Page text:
Mindfulness and Anxietycaution and anxiety
Junie Myerson: How mindfulness treatment made a difference in my lifestyle.
Has anyone really been amazed by the discoveries of this week's reports that mindfulness is cognitive therapy (MBCT) setup efficient in dealing depressed and anxiety? Nearly four years ago I went to my family doctor, Jonty Heaversedge, because the fear that had haunted me all my lifelong had become alarming.
It was Jonty - who accidentally wrote a mindfulness notebook - who got me a place in a six-week NHS-funded MBCT course at Maudsley Hospitol in St-London. And, there is no less clichéd way of saying it, this course and the meditative practices I have been doing every morning since then have transformed my world.
I' ve always been an afraid kid who ran from one terrorism to another. that my mother wanted me to put on a gown that would choke me when it was put over my fucking skull. Normal childhood anxiety, maybe, but I've given them some serious work. When Johanna von Orléan's funeral was shown at the pyre, a notebook had to be put on a high rack - although I still had to work on not looking at the one.
To have a wild and (for me anyway) amusing fantasy, a feeling of humor (which I was never ridiculed about) and a good drop of openness means that I would have said I was lucky. Going through college, working in the theater, loving and eventually having my baby and even realizing my dreams of becoming a novelist - all these were active and fortunate moments that reassured me in a way.
"If you' re so light and content, why are your books so dark?" sometimes they asked me. Saving me from being a neuotic, fearful backbone ache. Right? When I wrote my third novel, with three small kids, a supporting spouse and a mostly quiet and joyful lifestyle, I awoke in the midnight and gasped for breath.
In a few month I had several intermittent tachycardic events (an unusually rapid heartbeat) that once ended in A&E because my cardiac would not soothe. Some years of intensive stressful experiences about the use of drugs in our families, followed by an ongoing media assault on the textbook, which I had thought was an open debate on the topic.
Tried to get rid of it, but it kept happening - once, frightening, creating a little prance on a highway (to the nice man in the Volvo with the labrador in the background: despite your protests it was my bad and I'm sorry). I began to prevent all dangerous feeling in the classical modus of chronic fear.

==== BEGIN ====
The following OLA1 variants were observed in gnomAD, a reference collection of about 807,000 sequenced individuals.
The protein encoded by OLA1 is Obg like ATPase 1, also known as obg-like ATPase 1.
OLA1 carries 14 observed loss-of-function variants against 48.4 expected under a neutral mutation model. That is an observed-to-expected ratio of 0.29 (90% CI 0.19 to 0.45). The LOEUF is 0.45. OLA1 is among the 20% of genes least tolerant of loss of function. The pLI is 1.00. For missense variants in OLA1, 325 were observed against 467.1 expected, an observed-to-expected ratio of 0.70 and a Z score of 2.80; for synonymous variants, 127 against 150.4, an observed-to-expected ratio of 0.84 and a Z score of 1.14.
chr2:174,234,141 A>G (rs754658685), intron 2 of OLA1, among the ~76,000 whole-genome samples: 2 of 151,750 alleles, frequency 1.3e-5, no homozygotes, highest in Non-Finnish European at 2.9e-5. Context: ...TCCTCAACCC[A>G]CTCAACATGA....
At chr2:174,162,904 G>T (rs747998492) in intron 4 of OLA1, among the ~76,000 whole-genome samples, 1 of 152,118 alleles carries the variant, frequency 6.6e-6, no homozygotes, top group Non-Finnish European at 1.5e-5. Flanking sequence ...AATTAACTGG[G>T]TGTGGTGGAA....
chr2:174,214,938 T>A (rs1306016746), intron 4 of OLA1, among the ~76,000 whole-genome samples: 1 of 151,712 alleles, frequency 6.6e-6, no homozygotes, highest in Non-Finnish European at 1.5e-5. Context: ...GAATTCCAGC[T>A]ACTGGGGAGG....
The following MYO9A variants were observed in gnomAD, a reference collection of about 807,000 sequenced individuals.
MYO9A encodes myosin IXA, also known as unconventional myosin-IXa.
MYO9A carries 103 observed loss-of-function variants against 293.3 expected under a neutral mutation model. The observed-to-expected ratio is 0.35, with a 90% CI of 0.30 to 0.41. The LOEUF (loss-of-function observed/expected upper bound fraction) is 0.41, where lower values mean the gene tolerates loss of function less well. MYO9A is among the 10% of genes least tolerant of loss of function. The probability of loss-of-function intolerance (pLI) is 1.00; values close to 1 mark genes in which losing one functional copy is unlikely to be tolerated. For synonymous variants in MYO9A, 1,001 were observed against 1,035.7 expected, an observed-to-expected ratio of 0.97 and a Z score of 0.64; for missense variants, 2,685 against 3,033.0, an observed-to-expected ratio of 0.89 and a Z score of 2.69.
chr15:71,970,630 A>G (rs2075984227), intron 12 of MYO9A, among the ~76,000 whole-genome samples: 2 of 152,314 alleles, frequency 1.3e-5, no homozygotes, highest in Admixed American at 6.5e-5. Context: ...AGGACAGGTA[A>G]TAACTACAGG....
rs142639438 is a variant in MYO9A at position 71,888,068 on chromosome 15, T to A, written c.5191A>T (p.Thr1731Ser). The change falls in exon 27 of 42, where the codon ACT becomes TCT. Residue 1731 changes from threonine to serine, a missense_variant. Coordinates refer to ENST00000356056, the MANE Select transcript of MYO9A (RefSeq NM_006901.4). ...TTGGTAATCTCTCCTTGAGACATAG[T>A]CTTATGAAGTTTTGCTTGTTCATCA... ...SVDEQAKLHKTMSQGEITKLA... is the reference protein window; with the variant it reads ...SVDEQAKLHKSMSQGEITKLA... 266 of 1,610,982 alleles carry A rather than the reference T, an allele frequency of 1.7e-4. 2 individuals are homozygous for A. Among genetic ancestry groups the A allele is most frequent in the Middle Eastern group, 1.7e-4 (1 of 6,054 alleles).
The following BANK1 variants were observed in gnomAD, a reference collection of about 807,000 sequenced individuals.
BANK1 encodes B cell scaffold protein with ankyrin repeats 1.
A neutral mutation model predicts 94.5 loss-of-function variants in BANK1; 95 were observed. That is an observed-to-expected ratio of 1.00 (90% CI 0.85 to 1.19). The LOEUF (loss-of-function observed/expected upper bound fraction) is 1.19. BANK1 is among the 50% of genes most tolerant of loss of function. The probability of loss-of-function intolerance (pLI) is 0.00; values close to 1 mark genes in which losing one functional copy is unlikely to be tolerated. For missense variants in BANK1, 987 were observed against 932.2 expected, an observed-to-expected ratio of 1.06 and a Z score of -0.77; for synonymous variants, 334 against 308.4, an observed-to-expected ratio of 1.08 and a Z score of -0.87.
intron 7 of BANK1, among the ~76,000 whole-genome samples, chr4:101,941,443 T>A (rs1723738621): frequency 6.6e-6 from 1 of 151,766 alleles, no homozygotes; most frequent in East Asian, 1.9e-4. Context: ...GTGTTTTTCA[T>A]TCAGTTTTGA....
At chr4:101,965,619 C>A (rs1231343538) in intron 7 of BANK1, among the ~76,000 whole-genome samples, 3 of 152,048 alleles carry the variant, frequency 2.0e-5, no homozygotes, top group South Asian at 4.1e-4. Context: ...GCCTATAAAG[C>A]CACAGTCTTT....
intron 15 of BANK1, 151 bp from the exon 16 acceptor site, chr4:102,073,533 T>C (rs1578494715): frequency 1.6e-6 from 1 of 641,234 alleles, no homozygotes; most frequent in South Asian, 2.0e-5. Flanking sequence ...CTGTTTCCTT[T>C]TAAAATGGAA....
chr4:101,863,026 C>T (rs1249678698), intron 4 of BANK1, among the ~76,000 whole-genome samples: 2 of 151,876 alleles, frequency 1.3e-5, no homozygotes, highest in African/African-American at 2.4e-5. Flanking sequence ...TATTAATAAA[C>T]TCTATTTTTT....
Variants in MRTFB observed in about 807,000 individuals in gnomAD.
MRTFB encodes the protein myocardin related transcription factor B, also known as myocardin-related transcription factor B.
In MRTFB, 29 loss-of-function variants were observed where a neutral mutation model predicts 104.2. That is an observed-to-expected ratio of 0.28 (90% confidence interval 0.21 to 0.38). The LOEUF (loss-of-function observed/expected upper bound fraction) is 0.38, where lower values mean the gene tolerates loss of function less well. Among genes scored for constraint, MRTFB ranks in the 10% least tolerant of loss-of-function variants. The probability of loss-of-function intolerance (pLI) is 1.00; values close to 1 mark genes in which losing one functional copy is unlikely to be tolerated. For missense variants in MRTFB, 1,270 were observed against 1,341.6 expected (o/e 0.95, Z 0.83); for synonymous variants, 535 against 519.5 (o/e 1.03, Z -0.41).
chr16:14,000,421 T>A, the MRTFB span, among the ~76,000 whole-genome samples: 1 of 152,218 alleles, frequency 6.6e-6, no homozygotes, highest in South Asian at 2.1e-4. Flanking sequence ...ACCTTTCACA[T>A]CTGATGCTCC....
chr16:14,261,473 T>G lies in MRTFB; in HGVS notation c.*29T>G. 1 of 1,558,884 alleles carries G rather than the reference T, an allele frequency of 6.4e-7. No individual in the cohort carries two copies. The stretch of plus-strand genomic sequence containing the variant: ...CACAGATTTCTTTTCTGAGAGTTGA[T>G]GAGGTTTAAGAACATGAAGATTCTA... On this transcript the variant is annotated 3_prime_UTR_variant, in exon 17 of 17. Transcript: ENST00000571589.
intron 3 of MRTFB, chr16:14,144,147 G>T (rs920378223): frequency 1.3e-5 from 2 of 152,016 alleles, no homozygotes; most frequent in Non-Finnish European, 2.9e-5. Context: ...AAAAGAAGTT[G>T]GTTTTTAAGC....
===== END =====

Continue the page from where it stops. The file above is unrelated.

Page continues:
We were on the ground doing a 45-minute long bodyscaneditation. His first sedentary contemplation was unbearable. When we were in our circles sharing the reason that had taken us all there, my recollection is that I was the only one who suffered from anxiety (as distinct from depression), and also that I definitely came across as the "craziest" - there was no one in this room who had difficulty remaining on a schoolbus.
A few in the group divided extensively, others less. I also began to recall why I had been resisting the concept of mediation for so many years: it was hard, boring and comfy. Somehow, somewhere, in these six wards, something was happening inside me - in my mind, in my mind, in my body, in my souls?
The present time, right here and now, began to be a very convenient (and comforting) place, without fear and full of the opportunity of rest and tranquility. Anyone who has ever experienced fear, whether it' s chronical or paralyzing, will know how intoxicating it was. Yet it felt strangely easy as if something in my mind had been diverted delicately.
There is no "bad" contemplation, as our instructors said in a memorable way, except that which is not done. Attentiveness does not mean changing things, but rather to accept them as they are, without judgement, with as much friendliness and meekness as possible.